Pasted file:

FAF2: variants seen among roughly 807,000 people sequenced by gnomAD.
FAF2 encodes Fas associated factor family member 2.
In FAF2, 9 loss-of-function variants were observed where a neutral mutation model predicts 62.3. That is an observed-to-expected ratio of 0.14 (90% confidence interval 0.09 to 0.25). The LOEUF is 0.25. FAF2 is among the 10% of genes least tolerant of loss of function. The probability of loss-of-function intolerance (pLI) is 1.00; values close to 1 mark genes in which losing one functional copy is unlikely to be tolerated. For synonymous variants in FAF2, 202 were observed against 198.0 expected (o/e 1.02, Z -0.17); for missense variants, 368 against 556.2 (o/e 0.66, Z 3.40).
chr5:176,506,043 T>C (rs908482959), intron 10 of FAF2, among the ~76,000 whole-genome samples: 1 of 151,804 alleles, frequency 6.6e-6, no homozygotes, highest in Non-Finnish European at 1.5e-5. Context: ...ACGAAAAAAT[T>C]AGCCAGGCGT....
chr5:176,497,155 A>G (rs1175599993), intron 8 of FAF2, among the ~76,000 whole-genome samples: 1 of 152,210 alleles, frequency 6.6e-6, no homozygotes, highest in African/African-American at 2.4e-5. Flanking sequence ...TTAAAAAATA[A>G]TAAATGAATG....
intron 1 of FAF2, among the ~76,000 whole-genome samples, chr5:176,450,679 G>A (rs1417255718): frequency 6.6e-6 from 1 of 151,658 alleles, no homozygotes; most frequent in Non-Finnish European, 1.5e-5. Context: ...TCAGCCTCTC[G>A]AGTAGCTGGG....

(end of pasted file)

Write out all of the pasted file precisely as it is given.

FAF2: variants seen among roughly 807,000 people sequenced by gnomAD.
FAF2 encodes Fas associated factor family member 2.
In FAF2, 9 loss-of-function variants were observed where a neutral mutation model predicts 62.3. That is an observed-to-expected ratio of 0.14 (90% confidence interval 0.09 to 0.25). The LOEUF is 0.25. FAF2 is among the 10% of genes least tolerant of loss of function. The probability of loss-of-function intolerance (pLI) is 1.00; values close to 1 mark genes in which losing one functional copy is unlikely to be tolerated. For synonymous variants in FAF2, 202 were observed against 198.0 expected (o/e 1.02, Z -0.17); for missense variants, 368 against 556.2 (o/e 0.66, Z 3.40).
chr5:176,506,043 T>C (rs908482959), intron 10 of FAF2, among the ~76,000 whole-genome samples: 1 of 151,804 alleles, frequency 6.6e-6, no homozygotes, highest in Non-Finnish European at 1.5e-5. Context: ...ACGAAAAAAT[T>C]AGCCAGGCGT....
chr5:176,497,155 A>G (rs1175599993), intron 8 of FAF2, among the ~76,000 whole-genome samples: 1 of 152,210 alleles, frequency 6.6e-6, no homozygotes, highest in African/African-American at 2.4e-5. Flanking sequence ...TTAAAAAATA[A>G]TAAATGAATG....
intron 1 of FAF2, among the ~76,000 whole-genome samples, chr5:176,450,679 G>A (rs1417255718): frequency 6.6e-6 from 1 of 151,658 alleles, no homozygotes; most frequent in Non-Finnish European, 1.5e-5. Context: ...TCAGCCTCTC[G>A]AGTAGCTGGG....